Myerson, with a New York law firm, told the jury that the "parking" deal meant the company would be run by interim "owners" who would give back the bottling franchise when Coca-Cola asked them to. Galef and Grisanti have been portrayed in court by Allegheny, and by financial analysts retained by the firm for testimony, as "turnaround managers" who had no experience in the bottling business.

* In a postscript, Christon wrote that Shaykin "has already talked to legal and has contacted a group of investors he called 'interim holders of Companies.' He stated that the group would give instant credibility to the deal. . . . These investors are more than caretakers, they will watch carefully. Most importantly, they will do what we say."

Myerson did not mention in court that the memorandum also contained Christon's observation that if Galef and Grisanti made the business profitable, and did not want to give it up, there would be no problem because it would be profitable for Coca-Cola and all investors. In its final pretrial paper, Allegheny maintained that the allegations about Mid-Atlantic being set up as a retirement benefit for Austin have "generated so much embarrassment" that that part of the deal was scrubbed.

* Myerson apparently will key on a later memorandum by Christon, which notes that: "In 'x' period of time, Mr. 'X' will have the right to purchase the business at 'x' price." Christon went on to write that Shaykin "does not see any need for anyone high up in Citicorp to be contacted by Paul Austin in regards to the project."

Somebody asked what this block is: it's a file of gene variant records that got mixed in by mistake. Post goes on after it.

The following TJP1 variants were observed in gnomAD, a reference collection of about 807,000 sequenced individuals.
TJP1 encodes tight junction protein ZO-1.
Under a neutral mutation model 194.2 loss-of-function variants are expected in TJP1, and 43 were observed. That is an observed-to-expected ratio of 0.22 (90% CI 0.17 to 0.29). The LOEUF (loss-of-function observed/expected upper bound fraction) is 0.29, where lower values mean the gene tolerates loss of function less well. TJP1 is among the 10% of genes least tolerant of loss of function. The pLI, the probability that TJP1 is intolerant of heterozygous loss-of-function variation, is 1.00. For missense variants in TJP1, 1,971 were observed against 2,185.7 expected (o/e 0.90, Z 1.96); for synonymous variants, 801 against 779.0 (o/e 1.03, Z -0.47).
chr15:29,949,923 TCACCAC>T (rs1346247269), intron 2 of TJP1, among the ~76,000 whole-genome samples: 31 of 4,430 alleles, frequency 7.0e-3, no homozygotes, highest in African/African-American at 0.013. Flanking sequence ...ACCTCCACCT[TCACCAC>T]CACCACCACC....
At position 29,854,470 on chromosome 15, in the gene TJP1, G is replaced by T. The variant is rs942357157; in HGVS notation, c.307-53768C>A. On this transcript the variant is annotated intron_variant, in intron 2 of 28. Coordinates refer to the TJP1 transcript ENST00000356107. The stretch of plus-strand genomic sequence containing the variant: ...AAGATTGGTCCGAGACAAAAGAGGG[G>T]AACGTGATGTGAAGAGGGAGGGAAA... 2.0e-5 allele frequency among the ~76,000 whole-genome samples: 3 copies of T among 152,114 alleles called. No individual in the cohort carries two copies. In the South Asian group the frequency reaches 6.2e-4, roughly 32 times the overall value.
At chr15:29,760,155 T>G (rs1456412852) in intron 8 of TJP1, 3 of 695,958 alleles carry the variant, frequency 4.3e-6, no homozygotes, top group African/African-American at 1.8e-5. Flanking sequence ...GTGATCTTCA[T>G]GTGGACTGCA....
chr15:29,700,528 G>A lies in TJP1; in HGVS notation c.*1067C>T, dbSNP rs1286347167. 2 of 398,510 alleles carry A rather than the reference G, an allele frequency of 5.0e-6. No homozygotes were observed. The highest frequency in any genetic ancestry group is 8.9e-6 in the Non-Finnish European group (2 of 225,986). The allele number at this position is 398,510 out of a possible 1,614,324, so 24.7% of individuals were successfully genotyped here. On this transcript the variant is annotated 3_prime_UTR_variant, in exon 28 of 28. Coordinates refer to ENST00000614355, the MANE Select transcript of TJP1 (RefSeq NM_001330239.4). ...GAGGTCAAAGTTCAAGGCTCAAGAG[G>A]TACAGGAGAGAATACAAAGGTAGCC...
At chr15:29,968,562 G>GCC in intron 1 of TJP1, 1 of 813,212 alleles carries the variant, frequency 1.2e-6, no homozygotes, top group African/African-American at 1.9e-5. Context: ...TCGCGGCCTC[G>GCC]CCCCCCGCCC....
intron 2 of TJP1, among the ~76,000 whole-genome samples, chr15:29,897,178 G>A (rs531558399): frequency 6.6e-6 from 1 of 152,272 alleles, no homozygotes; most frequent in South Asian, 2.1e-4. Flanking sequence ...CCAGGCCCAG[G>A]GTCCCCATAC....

* In an Aug. 17, memorandum, Christon told Cowart that "according to Leonard[Shaykin], the parking concept has never been done before. If we can do it, it will result in an off-balance sheet financing for execution of our business strategy. . . . In Leonard's view, the agreement of Galef and Grisanti to act as parking lot attendants and move out when the job is done will stand on a handshake from Galef and Grisanti."

Coca-Cola's lead attorney, Mark A. Belnick of New York, described Christon as "a very junior executive," and told the jury that Coca-Cola's senior executives will testify about the acquisition of Crass, which he described as "perfectly legal."

Coca-Cola has argued that the new franchise simply infused competition into what Belnick called a "complacent" pricing system in the region, and that Allegheny was angry at having to compete.

Coca-Cola entered numerous documents obtained in pretrial discovery, including company newsletters, press releases and letters from Allegheny to its auditing firm, which purportedly show Allegheny made record profits in 1981. Presenting a month-by-month breakdown for a complete fiscal year, Coca-Cola's attorneys told the jurors that Allegheny made more than $16 million in profits before taxes, higher than the previous year, at a time when the firm claims it was being driven out of business.

Lapides testified that these profits would have been as much as $20 million if Mid-Atlantic had not engaged in "predatory pricing."

Allegheny Pepsi is a subsidiary of Allegheny Beverage Corp., which also owns a small soft-drink equipment retooling plant in Georgia and merged in January 1981 with the Macke Co. With sales of $425 million this year, since acquiring Macke, Allegheny Beverage is close to the Fortune 500 list of the nation's largest producing companies. As a diversified manufacturer, Allegheny Beverage also draws revenue from other businesses, including vending food services, building maintenance and services, coin-operated laundries and a furniture showroom chain.

Testimony indicated Allegheny Beverage expects sales of $1 billion yearly within the next decade.

Lapides testified that despite an expected population decline in this country, the beverage business should grow because per capita consumption of soft drinks probably will continue to rise and the human life span continues to lengthen.